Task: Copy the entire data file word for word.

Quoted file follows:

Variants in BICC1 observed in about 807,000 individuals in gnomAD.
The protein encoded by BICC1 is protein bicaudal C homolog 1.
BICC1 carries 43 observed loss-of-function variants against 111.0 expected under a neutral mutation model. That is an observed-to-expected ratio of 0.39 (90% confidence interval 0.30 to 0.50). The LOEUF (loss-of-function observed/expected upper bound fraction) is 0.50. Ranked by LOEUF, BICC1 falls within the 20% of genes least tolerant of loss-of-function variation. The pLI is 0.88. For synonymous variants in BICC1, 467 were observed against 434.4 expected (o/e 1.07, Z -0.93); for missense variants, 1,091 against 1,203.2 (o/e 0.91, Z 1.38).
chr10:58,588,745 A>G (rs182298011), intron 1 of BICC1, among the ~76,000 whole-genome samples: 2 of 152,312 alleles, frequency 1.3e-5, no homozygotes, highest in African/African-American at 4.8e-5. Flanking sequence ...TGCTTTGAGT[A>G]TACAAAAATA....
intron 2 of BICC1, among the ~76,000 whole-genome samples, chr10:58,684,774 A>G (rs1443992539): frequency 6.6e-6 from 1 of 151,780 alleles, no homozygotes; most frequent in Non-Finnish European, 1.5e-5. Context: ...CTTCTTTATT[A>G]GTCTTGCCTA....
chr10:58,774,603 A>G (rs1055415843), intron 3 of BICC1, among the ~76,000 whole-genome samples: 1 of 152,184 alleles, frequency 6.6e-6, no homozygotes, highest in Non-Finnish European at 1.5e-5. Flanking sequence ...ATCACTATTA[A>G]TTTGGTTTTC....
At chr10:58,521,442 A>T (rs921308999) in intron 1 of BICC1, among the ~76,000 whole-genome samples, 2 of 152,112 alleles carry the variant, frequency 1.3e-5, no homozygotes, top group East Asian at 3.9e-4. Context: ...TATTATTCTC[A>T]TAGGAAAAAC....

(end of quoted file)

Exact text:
Variants in BICC1 observed in about 807,000 individuals in gnomAD.
The protein encoded by BICC1 is protein bicaudal C homolog 1.
BICC1 carries 43 observed loss-of-function variants against 111.0 expected under a neutral mutation model. That is an observed-to-expected ratio of 0.39 (90% confidence interval 0.30 to 0.50). The LOEUF (loss-of-function observed/expected upper bound fraction) is 0.50. Ranked by LOEUF, BICC1 falls within the 20% of genes least tolerant of loss-of-function variation. The pLI is 0.88. For synonymous variants in BICC1, 467 were observed against 434.4 expected (o/e 1.07, Z -0.93); for missense variants, 1,091 against 1,203.2 (o/e 0.91, Z 1.38).
chr10:58,588,745 A>G (rs182298011), intron 1 of BICC1, among the ~76,000 whole-genome samples: 2 of 152,312 alleles, frequency 1.3e-5, no homozygotes, highest in African/African-American at 4.8e-5. Flanking sequence ...TGCTTTGAGT[A>G]TACAAAAATA....
intron 2 of BICC1, among the ~76,000 whole-genome samples, chr10:58,684,774 A>G (rs1443992539): frequency 6.6e-6 from 1 of 151,780 alleles, no homozygotes; most frequent in Non-Finnish European, 1.5e-5. Context: ...CTTCTTTATT[A>G]GTCTTGCCTA....
chr10:58,774,603 A>G (rs1055415843), intron 3 of BICC1, among the ~76,000 whole-genome samples: 1 of 152,184 alleles, frequency 6.6e-6, no homozygotes, highest in Non-Finnish European at 1.5e-5. Flanking sequence ...ATCACTATTA[A>G]TTTGGTTTTC....
At chr10:58,521,442 A>T (rs921308999) in intron 1 of BICC1, among the ~76,000 whole-genome samples, 2 of 152,112 alleles carry the variant, frequency 1.3e-5, no homozygotes, top group East Asian at 3.9e-4. Context: ...TATTATTCTC[A>T]TAGGAAAAAC....